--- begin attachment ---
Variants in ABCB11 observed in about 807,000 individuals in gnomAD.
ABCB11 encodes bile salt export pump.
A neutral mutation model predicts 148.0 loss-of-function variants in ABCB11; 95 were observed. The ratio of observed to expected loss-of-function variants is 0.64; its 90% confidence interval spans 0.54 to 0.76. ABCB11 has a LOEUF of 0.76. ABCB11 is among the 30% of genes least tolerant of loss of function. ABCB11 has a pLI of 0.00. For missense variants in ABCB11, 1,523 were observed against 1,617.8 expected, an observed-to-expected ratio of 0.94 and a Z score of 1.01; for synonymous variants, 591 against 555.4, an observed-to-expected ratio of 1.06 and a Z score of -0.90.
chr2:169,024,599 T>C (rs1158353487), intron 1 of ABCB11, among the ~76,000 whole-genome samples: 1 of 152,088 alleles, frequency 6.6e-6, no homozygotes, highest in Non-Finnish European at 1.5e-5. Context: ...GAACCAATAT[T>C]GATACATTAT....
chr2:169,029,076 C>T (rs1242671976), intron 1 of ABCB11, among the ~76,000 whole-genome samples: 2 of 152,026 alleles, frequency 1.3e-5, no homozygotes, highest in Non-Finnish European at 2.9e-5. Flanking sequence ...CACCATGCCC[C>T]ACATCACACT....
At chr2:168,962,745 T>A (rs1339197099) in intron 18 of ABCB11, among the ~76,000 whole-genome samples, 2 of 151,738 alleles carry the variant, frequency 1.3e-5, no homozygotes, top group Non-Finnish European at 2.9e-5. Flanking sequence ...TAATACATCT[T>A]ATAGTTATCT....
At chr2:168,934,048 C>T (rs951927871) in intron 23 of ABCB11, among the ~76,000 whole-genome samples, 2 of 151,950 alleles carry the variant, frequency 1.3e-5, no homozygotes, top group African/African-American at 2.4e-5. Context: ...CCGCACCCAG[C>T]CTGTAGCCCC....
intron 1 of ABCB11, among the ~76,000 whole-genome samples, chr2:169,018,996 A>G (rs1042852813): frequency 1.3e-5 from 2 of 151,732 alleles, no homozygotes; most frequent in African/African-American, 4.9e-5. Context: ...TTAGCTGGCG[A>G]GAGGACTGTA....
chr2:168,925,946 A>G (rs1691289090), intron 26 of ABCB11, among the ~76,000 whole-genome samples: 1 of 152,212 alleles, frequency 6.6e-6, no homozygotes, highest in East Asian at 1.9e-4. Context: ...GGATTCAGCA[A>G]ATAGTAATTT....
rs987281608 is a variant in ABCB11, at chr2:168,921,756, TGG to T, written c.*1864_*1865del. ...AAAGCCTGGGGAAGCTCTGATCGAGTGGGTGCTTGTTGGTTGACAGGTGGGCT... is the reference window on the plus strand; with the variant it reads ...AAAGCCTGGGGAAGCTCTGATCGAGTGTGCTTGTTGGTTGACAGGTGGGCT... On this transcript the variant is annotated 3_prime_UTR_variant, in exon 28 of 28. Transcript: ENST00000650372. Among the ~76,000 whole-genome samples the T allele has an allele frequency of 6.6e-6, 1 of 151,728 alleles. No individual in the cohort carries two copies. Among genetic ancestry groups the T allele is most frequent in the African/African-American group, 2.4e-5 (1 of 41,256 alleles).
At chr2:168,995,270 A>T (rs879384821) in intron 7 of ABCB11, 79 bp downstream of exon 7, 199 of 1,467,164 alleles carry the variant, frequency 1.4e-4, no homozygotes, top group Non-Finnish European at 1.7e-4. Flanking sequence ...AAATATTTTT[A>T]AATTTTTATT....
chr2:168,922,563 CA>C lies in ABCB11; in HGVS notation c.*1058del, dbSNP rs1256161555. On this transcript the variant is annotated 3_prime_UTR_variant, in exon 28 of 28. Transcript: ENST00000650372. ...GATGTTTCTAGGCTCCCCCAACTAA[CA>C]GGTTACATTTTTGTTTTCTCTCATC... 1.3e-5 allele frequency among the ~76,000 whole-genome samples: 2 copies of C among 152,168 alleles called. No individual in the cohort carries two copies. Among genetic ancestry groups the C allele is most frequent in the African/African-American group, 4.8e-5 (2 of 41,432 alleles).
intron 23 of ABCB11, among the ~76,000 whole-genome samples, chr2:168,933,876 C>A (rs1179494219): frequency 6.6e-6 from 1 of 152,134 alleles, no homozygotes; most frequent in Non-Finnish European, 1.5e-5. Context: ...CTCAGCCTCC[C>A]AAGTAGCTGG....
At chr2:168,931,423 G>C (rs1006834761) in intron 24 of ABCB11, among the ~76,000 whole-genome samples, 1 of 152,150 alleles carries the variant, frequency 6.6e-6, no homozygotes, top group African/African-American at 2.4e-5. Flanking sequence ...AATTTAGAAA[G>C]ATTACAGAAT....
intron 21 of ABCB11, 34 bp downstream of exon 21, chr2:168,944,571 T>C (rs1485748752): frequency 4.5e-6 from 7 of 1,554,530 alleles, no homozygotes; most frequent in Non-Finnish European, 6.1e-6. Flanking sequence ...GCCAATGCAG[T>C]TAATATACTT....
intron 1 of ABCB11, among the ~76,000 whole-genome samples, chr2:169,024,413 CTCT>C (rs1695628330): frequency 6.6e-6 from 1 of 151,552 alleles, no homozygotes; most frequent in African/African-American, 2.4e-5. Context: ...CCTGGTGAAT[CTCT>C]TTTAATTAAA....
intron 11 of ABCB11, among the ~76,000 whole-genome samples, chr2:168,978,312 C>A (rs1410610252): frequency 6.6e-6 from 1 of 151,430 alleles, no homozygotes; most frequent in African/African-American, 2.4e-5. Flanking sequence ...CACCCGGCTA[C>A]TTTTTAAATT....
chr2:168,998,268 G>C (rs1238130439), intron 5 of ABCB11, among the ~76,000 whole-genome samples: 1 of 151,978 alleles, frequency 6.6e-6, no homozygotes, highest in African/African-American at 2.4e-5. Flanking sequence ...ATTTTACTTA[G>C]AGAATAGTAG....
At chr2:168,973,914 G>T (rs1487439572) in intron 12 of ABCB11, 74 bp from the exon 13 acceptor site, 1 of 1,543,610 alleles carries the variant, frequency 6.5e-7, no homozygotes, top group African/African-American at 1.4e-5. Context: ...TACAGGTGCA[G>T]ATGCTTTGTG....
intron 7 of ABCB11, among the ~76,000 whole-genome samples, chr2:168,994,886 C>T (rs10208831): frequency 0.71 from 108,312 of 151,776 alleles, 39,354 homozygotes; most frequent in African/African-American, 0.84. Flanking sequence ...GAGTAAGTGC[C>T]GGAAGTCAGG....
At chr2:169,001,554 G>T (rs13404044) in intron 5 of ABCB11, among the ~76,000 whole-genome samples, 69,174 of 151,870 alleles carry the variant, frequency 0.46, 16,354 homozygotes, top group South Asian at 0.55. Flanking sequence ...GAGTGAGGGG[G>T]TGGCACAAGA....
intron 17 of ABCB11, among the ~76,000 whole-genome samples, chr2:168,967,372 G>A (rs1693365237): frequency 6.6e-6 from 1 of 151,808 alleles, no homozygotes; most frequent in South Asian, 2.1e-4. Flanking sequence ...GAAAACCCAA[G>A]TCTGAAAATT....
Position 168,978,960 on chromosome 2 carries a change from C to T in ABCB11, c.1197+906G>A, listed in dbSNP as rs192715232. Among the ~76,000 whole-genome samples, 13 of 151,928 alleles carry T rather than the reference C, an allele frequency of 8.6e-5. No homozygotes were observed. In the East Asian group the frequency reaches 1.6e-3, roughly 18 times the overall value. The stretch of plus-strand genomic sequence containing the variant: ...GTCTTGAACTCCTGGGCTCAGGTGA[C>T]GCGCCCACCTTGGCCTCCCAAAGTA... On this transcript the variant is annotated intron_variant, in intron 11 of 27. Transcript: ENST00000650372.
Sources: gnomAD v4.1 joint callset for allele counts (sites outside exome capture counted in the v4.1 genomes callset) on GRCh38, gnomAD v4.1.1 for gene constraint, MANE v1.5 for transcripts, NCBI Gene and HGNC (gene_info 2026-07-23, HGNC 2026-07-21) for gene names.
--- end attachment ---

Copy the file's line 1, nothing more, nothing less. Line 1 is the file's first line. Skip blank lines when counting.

Variants in ABCB11 observed in about 807,000 individuals in gnomAD.